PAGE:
How We Perpetuate Systemic Racism by not Knowing the “Other”
The Color of Law has provided me with some incredible insights as to how cities like New York have become segregated in the ways that they are as well as how communities are now capable of maintaining this segregation on their own by resisting any form of integration. This became apparent at a town hall I recently assisted in coordinating in response to the opening of a new homeless shelter.
Some brief background: As many of us know, the homeless population in New York City has increased dramatically over the past few years with some studies reporting almost 60,000 individuals living without a home. To meet the immediate needs of the homeless population, the Department of Homeless Services has been converting numerous hotels into homeless shelters and aims to open 90 new shelters around the city.
On 1/15/18, the De Blasio administration announced that it would be converting the Park Savoy Hotel located on 158 W. 58th St into a “rapid re-housing job ready transitional housing facility.” This facility would house 150 working or job-ready men. There was an immediate uproar from the surrounding community with most folks opposing such a shelter opening in their neighborhood.
I work for the Manhattan Borough President’s office and our staff became inundated with phone calls and messages from individuals in the area who voiced their anger and concern over the city suddenly choosing to announce a homeless shelter without their approval. Although the city does not require public approval to open a homeless shelter, they often notify these communities within 2–3 months of the opening of the shelter and some would argue that is not enough time.
To effectively hear the various viewpoints of our constituents, our office partnered with DHS, the social service provider of this soon-to-be shelter and other elected officials in hosting a community town hall where members of the public could voice their opinions. The town hall was attended by well over 300 people, the majority of whom strongly opposed this shelter. It is important to recognize that the residents of this area of Manhattan are relatively affluent than most other parts of the city and are predominantly white.
I believe there were some legitimate concerns about general safety that were raised, but I would have never thought there would be such heavily racialized comments made regarding this shelter. It quickly felt like the entire population of individuals scheduled to move into this shelter were being largely viewed as a group of Black and Brown criminals that had no ability to contribute to the community they would become a part of. Especially after having read The Color of Law, I understand a bit better how our segregated communities can remain so easily separated even when a number of major laws have changed. All it requires is us as humans to continue to buy into generalizations and emotions about the “other” by failing to see, as individuals like Muhammad did, the intrinsic value that every human being possesses.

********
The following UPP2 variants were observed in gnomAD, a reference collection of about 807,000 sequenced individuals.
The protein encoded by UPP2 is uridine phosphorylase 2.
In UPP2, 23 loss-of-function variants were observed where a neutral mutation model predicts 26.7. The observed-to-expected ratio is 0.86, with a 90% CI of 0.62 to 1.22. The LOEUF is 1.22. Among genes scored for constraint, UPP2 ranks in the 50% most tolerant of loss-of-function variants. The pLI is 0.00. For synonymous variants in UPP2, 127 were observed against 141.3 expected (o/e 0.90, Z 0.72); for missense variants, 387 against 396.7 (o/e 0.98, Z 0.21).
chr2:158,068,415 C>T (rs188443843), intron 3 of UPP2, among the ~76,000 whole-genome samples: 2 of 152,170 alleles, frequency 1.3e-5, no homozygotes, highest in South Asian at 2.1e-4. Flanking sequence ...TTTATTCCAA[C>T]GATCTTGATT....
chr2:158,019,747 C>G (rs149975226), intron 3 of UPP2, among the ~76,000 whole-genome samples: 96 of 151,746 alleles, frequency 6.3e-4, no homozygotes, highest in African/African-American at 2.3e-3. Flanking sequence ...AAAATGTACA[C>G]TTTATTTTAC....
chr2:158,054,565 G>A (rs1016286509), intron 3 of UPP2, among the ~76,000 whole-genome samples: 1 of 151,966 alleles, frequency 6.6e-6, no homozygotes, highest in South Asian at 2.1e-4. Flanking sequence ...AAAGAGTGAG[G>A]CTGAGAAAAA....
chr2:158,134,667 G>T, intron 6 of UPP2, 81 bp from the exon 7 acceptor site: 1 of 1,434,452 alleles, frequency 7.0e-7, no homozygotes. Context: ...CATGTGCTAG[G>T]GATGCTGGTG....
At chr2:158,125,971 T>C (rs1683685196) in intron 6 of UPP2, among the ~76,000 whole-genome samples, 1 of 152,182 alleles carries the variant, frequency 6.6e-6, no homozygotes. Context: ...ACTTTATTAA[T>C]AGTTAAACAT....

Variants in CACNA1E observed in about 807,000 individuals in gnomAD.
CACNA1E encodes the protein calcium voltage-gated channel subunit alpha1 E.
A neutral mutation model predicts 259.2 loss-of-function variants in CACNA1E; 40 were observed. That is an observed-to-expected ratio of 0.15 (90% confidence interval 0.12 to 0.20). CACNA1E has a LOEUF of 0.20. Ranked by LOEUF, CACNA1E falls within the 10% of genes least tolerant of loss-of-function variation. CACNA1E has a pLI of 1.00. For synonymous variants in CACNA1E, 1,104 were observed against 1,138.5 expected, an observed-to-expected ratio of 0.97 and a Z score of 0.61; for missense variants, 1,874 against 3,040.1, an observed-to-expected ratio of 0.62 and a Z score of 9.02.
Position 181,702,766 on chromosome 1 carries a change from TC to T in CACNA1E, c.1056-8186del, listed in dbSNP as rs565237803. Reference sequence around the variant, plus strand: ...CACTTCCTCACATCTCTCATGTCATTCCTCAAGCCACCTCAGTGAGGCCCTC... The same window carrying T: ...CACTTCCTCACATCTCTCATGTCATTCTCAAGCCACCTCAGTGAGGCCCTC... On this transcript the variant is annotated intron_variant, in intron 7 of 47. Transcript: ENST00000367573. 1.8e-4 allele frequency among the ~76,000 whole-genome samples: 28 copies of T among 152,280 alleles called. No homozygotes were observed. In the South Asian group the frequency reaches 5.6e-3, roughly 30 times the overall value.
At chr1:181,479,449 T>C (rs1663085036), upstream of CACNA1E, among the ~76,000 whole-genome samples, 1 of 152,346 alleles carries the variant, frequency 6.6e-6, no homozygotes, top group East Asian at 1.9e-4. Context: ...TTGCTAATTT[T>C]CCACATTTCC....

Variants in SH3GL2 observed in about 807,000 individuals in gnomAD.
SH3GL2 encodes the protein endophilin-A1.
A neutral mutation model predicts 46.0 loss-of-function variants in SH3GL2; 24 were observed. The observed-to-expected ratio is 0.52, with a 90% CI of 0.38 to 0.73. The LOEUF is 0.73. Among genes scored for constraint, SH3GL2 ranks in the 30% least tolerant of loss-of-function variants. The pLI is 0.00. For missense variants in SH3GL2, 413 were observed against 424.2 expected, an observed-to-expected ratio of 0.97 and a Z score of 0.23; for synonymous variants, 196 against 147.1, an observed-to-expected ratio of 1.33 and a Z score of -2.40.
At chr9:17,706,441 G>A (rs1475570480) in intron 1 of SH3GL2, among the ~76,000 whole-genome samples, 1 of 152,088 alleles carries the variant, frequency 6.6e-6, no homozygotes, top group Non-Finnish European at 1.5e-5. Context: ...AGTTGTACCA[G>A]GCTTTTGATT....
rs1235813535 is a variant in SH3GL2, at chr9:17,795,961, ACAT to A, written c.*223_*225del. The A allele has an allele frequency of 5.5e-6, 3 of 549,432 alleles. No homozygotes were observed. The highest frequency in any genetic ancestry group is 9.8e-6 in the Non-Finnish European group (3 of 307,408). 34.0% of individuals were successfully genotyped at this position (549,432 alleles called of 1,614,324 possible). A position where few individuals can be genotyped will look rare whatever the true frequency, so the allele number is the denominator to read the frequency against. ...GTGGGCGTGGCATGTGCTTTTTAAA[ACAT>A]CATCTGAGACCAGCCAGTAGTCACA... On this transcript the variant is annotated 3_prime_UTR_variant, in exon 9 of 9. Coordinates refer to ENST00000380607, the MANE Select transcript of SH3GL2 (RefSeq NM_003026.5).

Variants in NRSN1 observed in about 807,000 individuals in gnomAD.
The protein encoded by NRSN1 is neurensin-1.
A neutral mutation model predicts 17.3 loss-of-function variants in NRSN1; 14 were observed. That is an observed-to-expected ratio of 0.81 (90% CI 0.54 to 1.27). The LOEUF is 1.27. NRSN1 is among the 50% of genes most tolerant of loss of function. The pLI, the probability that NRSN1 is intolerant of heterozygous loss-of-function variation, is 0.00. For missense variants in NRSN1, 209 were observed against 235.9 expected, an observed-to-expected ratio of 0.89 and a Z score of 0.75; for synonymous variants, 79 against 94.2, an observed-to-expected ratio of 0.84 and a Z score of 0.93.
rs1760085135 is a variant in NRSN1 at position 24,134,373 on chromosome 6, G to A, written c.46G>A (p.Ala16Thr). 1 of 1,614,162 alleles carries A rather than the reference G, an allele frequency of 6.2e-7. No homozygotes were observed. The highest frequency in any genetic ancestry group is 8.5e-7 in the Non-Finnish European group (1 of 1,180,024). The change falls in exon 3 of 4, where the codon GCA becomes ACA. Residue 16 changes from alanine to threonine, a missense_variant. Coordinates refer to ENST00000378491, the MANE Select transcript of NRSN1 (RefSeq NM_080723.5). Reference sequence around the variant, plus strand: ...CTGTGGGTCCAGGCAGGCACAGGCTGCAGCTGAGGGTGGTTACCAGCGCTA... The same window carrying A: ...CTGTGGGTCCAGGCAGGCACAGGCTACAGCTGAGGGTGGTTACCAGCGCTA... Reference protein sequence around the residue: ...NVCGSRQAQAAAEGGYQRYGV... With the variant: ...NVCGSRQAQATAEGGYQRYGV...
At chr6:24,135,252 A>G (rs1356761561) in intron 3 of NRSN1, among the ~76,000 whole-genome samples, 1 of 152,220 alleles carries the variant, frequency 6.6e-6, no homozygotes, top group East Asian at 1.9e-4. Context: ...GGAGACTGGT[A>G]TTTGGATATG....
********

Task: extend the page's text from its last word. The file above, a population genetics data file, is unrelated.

Some of the comments from this town hall are listed below:
“The homeless people who will live in this shelter will walk around in the neighborhood and their self-esteem will drop when they see such high prices for food and groceries that they could not afford.”
Folks saw these individuals experiencing homelessness as weak and vulnerable. In some cases they may indeed be going through a lot, but to then argue that they would not be capable of living in such a “neighborhood” is to generalize all homeless individuals as permanently helpless, mentally fragile and unable to integrate into any community outside of the perceived low-income, segregated areas they supposedly come from. It also demonstrates how the social hierarchy of race comes into play as a more affluent white individual feels confident enough to say what they believe is best for a population that they may have little or no connection to. Factors like one’s socioeconomic status, their “criminal” record, and race unfortunately easily cloud our ability to recognize our shared intrinsic value with others.
“We live right next door and I have three daughters. This is not going to be safe for my family. As you can see, within a ½ mile of this shelter, nearly 10% of the population is under the age of 19.”
There is such a heavy saturation of homeless shelters in areas like the Bronx and Brooklyn and this point really made me question where these folks thought homeless shelters generally existed. To house folks experiencing homelessness, many of whom are Black and Brown individuals, in this imaginary location where families and communities do not exist is to perpetuate a kind of segregation where those who are largely neglected continue to remain neglected. It fails to acknowledge the complexity of these people, many of whom have families and children of their own that require their support. But are these narratives known?
“These people don’t have neighborhoods or families, so why put them here? There is no need for this specific location.”